To call Erik Nelson's Apocalypse '45 a jarring film is, quite honestly, an understatement.
Apocalypse '45 honors the 75th anniversary of the end of World War II utilizing unforgettable, often never before seen footage along with the voices of 24 men who recount the battle in the Pacific that served as that final, epic battle.
The film kicks off in high fashion, a post-Pearl Harbor attacked Pacific Fleet decimated and captured in vibrant, disturbing detail by Hollywood legend John Ford. Ford's footage, indicative of his immense talent, is a powerful reminder that even America's creatives were drawn into the war effort when the U.S. government recruited them to tell the war's story.
There's other footage here. Over 700 reels of archival footage, often in color, from the National Archives serve as the foundation for Nelson's film. These reels are unflinching and Nelson's lens doesn't really ever flinch here. War is hell and Nelson makes sure we come as close as we can to seeing that hell.
The footage, digitally restored in 4k, tells the story in often brutal detail. A frequent collaborator with Werner Herzog, Nelson doesn't spare us the graphic details or images but instead immerses us in them. From capturing kamikaze pilots on their suicide missions to the early stages unfolding at Iwo Jima to the stark aftermath at Hiroshima and Nagasaki, Apocalypse '45 spares us the usual Hollywood stylings and instead reminds us of the terrible price paid by soldiers who fought including those who died and those who returned home forever changed.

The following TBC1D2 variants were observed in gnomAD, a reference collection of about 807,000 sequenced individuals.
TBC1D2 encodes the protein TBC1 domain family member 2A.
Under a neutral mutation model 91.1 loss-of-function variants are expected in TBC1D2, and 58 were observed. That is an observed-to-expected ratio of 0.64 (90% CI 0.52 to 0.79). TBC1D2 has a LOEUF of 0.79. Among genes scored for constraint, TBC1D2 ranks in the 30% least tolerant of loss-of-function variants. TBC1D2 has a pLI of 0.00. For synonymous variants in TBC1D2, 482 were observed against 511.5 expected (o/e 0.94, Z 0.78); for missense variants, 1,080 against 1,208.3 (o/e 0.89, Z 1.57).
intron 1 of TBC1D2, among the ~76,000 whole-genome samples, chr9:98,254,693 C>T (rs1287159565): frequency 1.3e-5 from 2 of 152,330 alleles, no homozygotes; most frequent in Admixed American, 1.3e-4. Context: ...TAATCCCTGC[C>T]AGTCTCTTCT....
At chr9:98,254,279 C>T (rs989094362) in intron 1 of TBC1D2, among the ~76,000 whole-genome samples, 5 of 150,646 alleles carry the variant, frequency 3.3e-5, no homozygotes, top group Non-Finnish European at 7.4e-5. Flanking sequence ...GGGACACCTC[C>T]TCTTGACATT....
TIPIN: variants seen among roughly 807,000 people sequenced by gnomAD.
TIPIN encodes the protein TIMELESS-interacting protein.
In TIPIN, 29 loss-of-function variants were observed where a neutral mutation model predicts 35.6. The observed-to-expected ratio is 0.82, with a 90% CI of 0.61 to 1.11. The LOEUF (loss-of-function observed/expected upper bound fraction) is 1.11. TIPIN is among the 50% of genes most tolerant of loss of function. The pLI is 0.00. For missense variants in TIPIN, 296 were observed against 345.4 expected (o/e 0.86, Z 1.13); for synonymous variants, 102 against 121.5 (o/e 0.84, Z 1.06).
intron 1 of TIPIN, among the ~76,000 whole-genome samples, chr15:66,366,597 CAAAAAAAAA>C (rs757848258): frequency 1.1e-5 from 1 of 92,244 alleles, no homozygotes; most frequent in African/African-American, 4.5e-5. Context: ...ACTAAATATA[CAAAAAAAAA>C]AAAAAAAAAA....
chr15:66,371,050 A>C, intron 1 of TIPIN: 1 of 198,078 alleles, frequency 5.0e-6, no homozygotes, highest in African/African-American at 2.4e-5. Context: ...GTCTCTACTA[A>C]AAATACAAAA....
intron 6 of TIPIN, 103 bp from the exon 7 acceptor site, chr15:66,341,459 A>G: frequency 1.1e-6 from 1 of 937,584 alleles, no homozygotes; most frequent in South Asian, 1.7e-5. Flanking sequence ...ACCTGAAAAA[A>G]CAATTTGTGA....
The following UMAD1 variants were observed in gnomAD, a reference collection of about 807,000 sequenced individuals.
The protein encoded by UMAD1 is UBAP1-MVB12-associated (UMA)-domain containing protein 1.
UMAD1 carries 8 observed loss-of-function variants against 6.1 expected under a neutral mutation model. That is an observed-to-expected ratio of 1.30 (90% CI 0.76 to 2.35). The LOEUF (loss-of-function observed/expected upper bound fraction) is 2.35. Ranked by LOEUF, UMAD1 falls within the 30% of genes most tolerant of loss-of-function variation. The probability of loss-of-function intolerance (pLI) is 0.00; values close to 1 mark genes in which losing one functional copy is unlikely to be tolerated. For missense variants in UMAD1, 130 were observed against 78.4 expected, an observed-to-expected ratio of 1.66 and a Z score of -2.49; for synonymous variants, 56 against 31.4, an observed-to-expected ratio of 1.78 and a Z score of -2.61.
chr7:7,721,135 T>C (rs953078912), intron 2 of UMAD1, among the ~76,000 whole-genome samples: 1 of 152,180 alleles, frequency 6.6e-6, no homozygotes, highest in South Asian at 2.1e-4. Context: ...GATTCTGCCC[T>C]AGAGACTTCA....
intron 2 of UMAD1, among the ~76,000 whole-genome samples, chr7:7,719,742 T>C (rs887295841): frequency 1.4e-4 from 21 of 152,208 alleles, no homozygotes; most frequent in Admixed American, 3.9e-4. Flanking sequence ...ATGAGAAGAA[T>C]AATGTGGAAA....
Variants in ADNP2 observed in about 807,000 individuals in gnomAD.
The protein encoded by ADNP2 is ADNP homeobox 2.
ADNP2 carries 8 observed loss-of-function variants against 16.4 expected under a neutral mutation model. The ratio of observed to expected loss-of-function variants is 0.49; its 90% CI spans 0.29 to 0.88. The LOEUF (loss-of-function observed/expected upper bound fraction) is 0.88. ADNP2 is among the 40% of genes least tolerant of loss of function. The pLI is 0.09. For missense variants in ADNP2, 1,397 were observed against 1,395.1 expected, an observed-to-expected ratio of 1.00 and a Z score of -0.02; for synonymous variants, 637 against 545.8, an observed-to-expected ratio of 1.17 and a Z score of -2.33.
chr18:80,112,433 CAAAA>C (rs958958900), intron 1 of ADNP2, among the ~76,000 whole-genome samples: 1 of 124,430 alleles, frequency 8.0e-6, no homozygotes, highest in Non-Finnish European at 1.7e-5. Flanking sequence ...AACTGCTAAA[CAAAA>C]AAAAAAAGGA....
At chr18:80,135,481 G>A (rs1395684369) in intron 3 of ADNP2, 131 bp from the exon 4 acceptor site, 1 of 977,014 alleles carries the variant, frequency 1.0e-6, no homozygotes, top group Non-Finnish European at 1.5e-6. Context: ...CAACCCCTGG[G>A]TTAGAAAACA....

If it sounds, however, like Apocalypse '45 is simply another rah-rah American "greatest generation" film, think again. As Nelson brings these images to life, it's the voices he includes here that are most unforgettable. They're acutely aware that this thing we call war, which is detached for a good majority of us, actually represents the best and worst of humanity. Often times, Apocalypse '45 makes it clear that winning this war wasn't so much about strategy as it was relentless annihilation of the enemy, the perceived enemy, or anything that stood between us and the enemy including women, children, families, and/or all of the aforementioned.
There's beauty to be found here, but in most ways it's an illusion. The camera can make things seem beautiful. It's a gift that Hollywood has, I suppose. Yet, Nelson doesn't ever let us forget the truths. At Iwo Jima alone, nearly 7,000 U.S. Marines and 22,000 Japanese perished on an island most had never heard of before and would be used solely for the purpose of further annhilation and firebombing of Japan. Hollywood's motion pictures seldom capture the truth behind the imagery, but Nelson's lens practically demands it. Nelson insists on reminding us of the civilian costs and as we're watching these images scroll by before our very eyes we're shook. Seriously shook.
Apocalypse '45 is, indeed, an unforgettable documentary that practically insists we don't forget it and we don't forget these men and women and those who fought the battles for reasons that still aren't always completely clear. It's worth noting, or perhaps emphasizing, that these images are, at times, quite graphic in nature including graphic war scenes and graphic scenes of post-battle injuries including those involving children. If you have PTSD or are vulnerable to flashbacks, be advised that Apocalypse '45 is likely best seen in the company of trusted confidantes and an understanding support system.
Written by Richard Propes
The Independent Critic